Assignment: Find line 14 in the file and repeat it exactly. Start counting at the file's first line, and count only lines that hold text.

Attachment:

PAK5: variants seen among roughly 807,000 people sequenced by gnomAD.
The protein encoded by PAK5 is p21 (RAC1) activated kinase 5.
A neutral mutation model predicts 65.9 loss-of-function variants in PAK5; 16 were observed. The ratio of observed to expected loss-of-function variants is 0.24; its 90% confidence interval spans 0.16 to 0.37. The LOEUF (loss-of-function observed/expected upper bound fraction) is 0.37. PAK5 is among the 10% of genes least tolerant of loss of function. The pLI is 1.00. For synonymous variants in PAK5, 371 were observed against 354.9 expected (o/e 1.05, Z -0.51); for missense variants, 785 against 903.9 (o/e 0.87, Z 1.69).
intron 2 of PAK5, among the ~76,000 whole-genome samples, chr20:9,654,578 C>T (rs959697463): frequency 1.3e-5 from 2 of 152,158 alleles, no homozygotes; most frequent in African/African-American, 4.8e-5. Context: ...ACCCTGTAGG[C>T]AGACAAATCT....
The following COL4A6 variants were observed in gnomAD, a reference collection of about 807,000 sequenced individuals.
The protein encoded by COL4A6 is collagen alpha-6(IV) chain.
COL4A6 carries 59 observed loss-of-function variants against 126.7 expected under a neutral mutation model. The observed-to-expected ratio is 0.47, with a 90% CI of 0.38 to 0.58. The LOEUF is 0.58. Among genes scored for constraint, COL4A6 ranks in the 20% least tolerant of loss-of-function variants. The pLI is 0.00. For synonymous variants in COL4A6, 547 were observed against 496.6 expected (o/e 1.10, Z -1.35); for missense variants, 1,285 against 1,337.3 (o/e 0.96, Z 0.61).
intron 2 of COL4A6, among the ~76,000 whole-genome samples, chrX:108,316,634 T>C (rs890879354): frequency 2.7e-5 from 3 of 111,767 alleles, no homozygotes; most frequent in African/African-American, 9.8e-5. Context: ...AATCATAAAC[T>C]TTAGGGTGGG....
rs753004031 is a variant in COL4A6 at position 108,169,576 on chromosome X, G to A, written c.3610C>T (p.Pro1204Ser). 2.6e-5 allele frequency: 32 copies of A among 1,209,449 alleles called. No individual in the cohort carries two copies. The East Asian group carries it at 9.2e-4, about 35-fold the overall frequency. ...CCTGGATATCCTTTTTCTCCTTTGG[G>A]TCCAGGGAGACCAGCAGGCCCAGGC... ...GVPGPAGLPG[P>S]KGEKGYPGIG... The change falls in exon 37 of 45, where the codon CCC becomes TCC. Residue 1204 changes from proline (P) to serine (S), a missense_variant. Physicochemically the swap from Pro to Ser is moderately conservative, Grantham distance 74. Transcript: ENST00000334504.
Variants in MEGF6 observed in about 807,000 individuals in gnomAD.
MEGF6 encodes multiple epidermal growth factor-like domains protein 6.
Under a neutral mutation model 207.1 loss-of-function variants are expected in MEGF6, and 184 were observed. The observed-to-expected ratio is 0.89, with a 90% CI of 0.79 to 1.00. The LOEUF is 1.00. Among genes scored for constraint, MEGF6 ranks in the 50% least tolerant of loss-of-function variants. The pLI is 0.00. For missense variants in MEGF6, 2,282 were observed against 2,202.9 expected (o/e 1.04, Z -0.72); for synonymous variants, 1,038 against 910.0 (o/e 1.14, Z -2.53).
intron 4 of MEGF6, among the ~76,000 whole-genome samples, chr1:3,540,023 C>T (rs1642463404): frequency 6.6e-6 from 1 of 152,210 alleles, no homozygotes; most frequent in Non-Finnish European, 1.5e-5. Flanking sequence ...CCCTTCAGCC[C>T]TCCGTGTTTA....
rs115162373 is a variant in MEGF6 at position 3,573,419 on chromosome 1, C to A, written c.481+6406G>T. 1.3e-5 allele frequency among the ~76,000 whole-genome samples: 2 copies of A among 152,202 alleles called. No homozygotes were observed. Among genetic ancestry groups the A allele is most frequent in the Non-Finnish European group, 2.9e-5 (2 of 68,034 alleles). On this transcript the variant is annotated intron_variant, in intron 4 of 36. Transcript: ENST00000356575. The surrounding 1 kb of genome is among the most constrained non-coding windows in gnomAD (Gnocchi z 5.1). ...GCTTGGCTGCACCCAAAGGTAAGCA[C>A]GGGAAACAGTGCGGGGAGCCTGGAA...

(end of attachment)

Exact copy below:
rs115162373 is a variant in MEGF6 at position 3,573,419 on chromosome 1, C to A, written c.481+6406G>T. 1.3e-5 allele frequency among the ~76,000 whole-genome samples: 2 copies of A among 152,202 alleles called. No homozygotes were observed. Among genetic ancestry groups the A allele is most frequent in the Non-Finnish European group, 2.9e-5 (2 of 68,034 alleles). On this transcript the variant is annotated intron_variant, in intron 4 of 36. Transcript: ENST00000356575. The surrounding 1 kb of genome is among the most constrained non-coding windows in gnomAD (Gnocchi z 5.1). ...GCTTGGCTGCACCCAAAGGTAAGCA[C>A]GGGAAACAGTGCGGGGAGCCTGGAA...